TGIF! Here we are again with another Fangirl Friday! This week I’m gonna hit you guys in the gut with a French animated film that showed up on my Netflix homepage…Have you ever watched something so strange and confusing that you couldn’t help but fall in love with it’s awkwardness? Well that’s what happened when I first watched the animated film, Jack and the Cuckoo-Clock Heart. It was a surreal musical experience that I simply won’t soon forget, and I’ll admit I teared up at the end too.
Jack and the Cuckoo-Clock Heart (La Mécanique du cœur) is a 2014 animated film, which follows a young man, Jack (voiced by Mathias Malzieu) who was born on the coldest day of the year. Because of this he was born with a frozen heart, so a local midwife/witch replaced his dead heart with a small cuckoo-clock. While the procedure did save his life the midwife, Madeleine, warns young Jack there are three rules that he must obey in order to ensure the longevity of his artificial heart.
At first for young Jack following the rules is easy, as he has spent most of his life shut away from others save Madeleine, who has since adopted him as a surrogate son. But, as years pass he soon wishes to venture from home, out into the town at the bottom of the hill. Reluctantly Madeleine agrees, but not before reminding him of the importance of the rules, especially Rule #3. Enraptured by the town, Jack wanders off from his guardian and into the path of a fiery young street performer, Miss Acacia. He immediately falls head over heels in love with the young singer, which troubles his frail heart. From that moment Jack embarks on a journey of love and self discovery.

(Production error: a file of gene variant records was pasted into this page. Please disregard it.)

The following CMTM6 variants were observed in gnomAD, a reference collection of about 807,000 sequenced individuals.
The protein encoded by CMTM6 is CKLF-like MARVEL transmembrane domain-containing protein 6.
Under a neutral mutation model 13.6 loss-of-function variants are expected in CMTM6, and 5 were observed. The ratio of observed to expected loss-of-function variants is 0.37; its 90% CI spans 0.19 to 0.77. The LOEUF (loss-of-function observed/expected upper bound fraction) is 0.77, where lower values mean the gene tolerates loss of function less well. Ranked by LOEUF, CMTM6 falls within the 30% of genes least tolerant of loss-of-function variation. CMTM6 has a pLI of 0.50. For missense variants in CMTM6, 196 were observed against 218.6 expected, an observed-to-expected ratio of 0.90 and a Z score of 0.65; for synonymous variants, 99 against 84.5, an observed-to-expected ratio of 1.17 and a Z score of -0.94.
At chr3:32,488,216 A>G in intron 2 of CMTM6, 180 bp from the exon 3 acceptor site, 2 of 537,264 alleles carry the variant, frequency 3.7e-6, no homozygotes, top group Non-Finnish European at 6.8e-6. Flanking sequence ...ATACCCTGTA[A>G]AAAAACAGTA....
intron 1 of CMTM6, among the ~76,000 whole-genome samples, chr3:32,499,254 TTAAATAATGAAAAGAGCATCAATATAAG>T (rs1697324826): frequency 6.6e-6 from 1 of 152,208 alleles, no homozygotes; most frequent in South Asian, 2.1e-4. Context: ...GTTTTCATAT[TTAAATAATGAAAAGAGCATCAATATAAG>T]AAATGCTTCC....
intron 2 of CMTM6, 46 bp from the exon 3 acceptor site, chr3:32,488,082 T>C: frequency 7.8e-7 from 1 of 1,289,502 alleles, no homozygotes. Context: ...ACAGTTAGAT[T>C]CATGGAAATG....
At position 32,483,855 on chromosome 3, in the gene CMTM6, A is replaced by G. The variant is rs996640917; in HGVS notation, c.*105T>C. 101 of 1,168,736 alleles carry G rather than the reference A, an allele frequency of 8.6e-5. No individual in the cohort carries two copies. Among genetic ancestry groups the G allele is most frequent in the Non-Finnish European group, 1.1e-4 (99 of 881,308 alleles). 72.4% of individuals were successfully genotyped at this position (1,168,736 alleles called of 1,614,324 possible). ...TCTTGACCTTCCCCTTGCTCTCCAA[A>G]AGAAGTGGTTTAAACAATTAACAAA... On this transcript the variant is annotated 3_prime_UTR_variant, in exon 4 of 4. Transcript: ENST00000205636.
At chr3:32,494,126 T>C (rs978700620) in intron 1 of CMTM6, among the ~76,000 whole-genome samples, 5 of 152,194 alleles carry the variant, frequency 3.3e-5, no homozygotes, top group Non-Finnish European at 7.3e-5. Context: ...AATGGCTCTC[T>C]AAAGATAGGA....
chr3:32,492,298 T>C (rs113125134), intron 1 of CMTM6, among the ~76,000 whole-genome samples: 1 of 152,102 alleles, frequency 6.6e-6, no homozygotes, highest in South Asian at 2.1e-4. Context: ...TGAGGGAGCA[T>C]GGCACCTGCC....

The film is based on a concept album by French rock band, Dionysos and the resulting illustrated novel, written by the band’s lead singer, Mathias Malzieu. While the concept for all three are the same and many of the same events occur in each, they each have completely different endings. Of the three the novel has a much happier ending than both the album and the film, which both end on a rather tragic and bittersweet note. The film creates a stunning story book like narrative with a dynamic cast of quirky and eccentric characters. You find yourself getting swept up in the fantasy and magic of it all, which is only enhanced by the equally quirky musical lyricism, composed by French rock band Dionysos.
The plot is not without it’s faults, but some how the clunkiness of it works to create a rather fresh viewing experience. However, like all dubbed films I had a bit of an issue with the dialogue. In an effort to remain true to the original French text, the English version seems overly wordy. There isn’t a single moment in the film that someone isn’t talk/singing. Some of the lines seem rushed, as the cast tries desperately to cram each and every word of dialogue without so much as a breath between them. It was like listening to someone recite an especially long tongue twister from memory. That aside, I found myself thoroughly enjoying the film as a whole, and I highly recommend seeing it, if you have the chance. The strangeness of it all is oddly satisfying and the visuals are simply beautiful.
Have any of you seen Jack and the Cuckoo Clock Heart? What did you think about this post? Do you have any suggestions for Fangirl Moment post? Any burning questions? Want me to review a specific book, film, anime, manga, show, or webcomic? Feel free to Comment on this post or Ask Me on my tumblr! As always Thank You for reading!